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I Heart NY #41919

Mimi Gross! 

At the Post Office, one of the counter ladies was wearing a church version of rabbit ears—they were fine. She was helping someone else but when I stopped she looked up. Can I help you? Gruff. I have to tell you a joke*, I said. They both liked it & we had that moment of New York friendly: total & then totally over. 


Then a chat with the girl at the library about the DVD I was returning, The Sandlot. One of her favorites & she had been excited last week when I checked it out & was thrilled that I liked it. 


Then the wonderful, colorful, happy-making Mimi Gross show at the Eric Firestone gallery on Great Jones street. 

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The NY Auto Show

1953 Fiat Berlinetta 8V ("otto vu"). For $1.8 million, this could be mine. 

I had skipped it the last couple years & was bored for a couple years before that, but this year's Auto Show wowed me. I felt the old excitement of walking into the Javits Center & seeing millions of dollars of steel & design. There were a whole bunch of Corvettes & a car that made tears spring out of me (see photo). Johnny made fun of me when I told him but this is beauty of a high order. What else but cry? I like the matte finish I saw on a couple of cars, though I had to get close to make sure it wasn't primer (I was there for Press Day so things aren't always completely set up). 

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Another of the Brainards that will be in the show opening Saturday & running through May 24 at Tibor de Nagy. 

Happy birthday to the love of my life. That doesn't say enough. Happy birthday to a man I admire & love beyond the puniness of my small self. Johnny Johnny whoops Johnny-o. 

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Notre Dame

The times I've been in Paris, it seemed that wherever I walked I'd end up in front of Notre Dame. It's magnetic—not surprisingly, given both its beauty & 800-year history. So sad to see it burn. I've been fascinated to read many people's accounts & see their photos, as well as a few sad sack comments (from friends of friends) criticizing having "more" feeling for a building than ["cause"]. There's a lot of that lately: If you don't care as much as I do about X, & express it as forcefully, then you're dead to me. 


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Monday Quote

This is so exactly how I felt. Feel. I fell in love with New York in the first 10 minutes I was here & have felt the same ever since. I'm lucky to be from elsewhere or I might not have gotten the blow of NYC all at once. 

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A poster on the wall at the School for Visual Arts. 

Rob Walker spoke at the 4th annual Phil Patton Memorial Lecture this week on his new book, The art of noticing: 131 ways to spark creativity, find inspiration, and discover joy in the everyday. The part after the colon clearly is there to get it onto the self-help shelves, because when he talked about noticing, it was riveting, serious, not cheesy at all. As an example, he showed slides of "what you're not supposed to notice": security cameras. As with Basquiat, Walker was able to change how I see what I see.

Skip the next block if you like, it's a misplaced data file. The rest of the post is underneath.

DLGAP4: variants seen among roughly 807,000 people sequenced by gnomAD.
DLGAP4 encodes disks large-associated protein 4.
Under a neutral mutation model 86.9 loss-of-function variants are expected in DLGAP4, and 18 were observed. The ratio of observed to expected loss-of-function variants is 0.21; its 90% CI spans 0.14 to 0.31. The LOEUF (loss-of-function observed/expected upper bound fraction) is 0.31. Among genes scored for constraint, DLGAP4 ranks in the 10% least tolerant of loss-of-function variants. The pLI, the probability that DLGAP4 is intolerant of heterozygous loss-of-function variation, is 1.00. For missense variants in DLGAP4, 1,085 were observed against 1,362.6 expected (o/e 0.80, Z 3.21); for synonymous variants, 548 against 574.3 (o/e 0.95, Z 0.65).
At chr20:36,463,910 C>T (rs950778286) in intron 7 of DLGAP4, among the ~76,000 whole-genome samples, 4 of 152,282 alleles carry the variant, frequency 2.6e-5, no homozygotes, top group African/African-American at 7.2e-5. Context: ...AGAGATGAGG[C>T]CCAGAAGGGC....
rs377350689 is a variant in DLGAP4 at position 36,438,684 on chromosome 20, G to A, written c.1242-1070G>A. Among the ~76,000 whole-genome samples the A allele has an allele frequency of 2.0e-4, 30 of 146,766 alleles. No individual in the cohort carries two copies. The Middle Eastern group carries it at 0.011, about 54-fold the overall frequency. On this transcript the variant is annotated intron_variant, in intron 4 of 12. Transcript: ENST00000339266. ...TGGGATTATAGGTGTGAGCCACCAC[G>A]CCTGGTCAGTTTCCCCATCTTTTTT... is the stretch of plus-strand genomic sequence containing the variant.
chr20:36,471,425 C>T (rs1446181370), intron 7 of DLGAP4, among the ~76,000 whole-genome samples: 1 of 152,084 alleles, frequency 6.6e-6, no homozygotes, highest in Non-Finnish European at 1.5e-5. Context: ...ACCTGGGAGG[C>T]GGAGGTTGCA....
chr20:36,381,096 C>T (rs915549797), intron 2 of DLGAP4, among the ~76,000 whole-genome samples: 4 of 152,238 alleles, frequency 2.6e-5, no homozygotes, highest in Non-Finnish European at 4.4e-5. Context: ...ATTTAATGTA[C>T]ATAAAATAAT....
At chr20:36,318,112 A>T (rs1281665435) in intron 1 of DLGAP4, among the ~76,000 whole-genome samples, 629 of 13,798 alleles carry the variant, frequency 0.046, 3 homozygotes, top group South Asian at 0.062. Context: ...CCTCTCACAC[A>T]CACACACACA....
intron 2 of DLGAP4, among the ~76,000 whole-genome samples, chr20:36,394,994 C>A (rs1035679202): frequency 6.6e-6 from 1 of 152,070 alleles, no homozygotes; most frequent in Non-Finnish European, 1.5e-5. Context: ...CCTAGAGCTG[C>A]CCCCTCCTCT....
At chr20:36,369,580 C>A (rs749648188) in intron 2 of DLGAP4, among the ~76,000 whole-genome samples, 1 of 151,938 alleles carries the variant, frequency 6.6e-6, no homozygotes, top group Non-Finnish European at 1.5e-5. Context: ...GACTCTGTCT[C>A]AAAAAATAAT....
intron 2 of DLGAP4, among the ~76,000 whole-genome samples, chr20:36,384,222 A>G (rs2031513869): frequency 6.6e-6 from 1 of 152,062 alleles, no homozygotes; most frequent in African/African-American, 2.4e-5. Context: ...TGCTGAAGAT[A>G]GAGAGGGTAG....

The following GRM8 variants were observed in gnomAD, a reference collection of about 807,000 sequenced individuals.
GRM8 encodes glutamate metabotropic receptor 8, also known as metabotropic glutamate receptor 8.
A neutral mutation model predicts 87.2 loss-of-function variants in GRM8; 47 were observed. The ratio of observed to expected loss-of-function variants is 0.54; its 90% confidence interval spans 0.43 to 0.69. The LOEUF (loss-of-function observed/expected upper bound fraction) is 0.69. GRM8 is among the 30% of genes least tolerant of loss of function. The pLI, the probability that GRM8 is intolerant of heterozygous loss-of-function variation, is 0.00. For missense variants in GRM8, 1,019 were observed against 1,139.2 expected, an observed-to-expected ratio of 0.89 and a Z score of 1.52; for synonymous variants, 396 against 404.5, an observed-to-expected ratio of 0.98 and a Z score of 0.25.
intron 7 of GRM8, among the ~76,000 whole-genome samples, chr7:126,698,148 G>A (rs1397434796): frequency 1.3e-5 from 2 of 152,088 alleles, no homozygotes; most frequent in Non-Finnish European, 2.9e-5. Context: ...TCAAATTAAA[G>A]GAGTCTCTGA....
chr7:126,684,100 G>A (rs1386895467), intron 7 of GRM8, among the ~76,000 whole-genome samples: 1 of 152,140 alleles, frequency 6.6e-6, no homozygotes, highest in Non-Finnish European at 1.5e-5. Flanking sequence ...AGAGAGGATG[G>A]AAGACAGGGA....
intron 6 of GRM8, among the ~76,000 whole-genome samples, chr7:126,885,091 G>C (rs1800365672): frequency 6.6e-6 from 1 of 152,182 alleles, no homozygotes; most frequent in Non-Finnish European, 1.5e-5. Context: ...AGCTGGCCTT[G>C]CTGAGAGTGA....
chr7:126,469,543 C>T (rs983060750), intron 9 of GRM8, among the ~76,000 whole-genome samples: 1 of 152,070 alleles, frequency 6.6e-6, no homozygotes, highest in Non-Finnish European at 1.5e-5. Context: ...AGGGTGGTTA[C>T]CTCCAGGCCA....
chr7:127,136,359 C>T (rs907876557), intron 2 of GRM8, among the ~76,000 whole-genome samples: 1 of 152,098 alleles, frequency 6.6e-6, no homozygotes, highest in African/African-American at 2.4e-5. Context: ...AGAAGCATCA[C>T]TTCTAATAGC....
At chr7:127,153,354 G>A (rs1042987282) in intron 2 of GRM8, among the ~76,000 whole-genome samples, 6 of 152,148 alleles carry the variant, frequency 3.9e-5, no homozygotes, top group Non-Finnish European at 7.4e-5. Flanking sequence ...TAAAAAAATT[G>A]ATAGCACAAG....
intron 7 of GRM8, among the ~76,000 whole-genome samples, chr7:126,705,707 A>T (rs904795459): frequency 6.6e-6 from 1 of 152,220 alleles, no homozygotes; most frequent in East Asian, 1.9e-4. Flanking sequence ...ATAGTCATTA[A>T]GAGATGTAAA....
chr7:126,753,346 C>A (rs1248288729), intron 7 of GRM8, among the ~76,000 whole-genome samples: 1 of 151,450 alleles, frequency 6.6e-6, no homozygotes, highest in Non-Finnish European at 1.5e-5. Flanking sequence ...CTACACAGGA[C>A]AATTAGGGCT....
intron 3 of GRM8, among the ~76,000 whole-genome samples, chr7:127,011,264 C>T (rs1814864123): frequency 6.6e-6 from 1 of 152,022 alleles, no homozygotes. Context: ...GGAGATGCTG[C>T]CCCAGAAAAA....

Phil Patton taught design at SVA but I knew him from our days as auto writers. What an eye that man had. And mind. And oh my, he could write. 

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Still in the neighborhood

Our spring treat. The tulip tree (magnolia?) of the Marble Cemetery. Much as I love winter, this is fun! 

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In the neighborhood

The view from Anthology Film Archives at 2nd & 2nd. I live at 1st & 1st. 

My block was picked as his favorite, for the mix of buildings & neighbors, by a guy who walked all of lower Manhattan & wrote a book called Blockology. I don't have to cross a street to go to Anthology, the incredible Orthodox Cathedral of the Holy Virgin Protection, the original Lil Frankie's restaurant, the Hare Krishnas, or the Catholic Worker. I'm across from the beautiful & historic Marble Cemetery, resting place of, among others, Preserved Fish, scion of the notable New York Fish family. Every day I walk outside & am grateful to live exactly here.

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Monday Quote

No public man in these islands ever believes that the Bible means what it says: he is always convinced that it says what he means.
~ George Bernard Shaw


Don't think that Shaw is hedging his bets with "in these islands." Shaw was never a bet-hedger, that's for sure. He's not the greatest writer but definitely one of the most quotable. Maybe those two attributes can't go hand in hand—complexity vs. quotability? 

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The Master Printers Building

The Master Printers Building aka Bruno was one of the tallest reinforced concrete buildings in the U.S. at the time it was completed, in 1927. YAI has a couple of floors & it's where I go weekly to teach karate to students with learning disabilities. 


I have reams to say about my students & how much they mean to me, but for now I'm only thinking about the building. It's 20 stories—it would be the most significant building in my hometown but while attractive is no great shakes in NYC. This floor is the most deluxe thing in it. 


The building is being sold & YAI is looking for a new home. 

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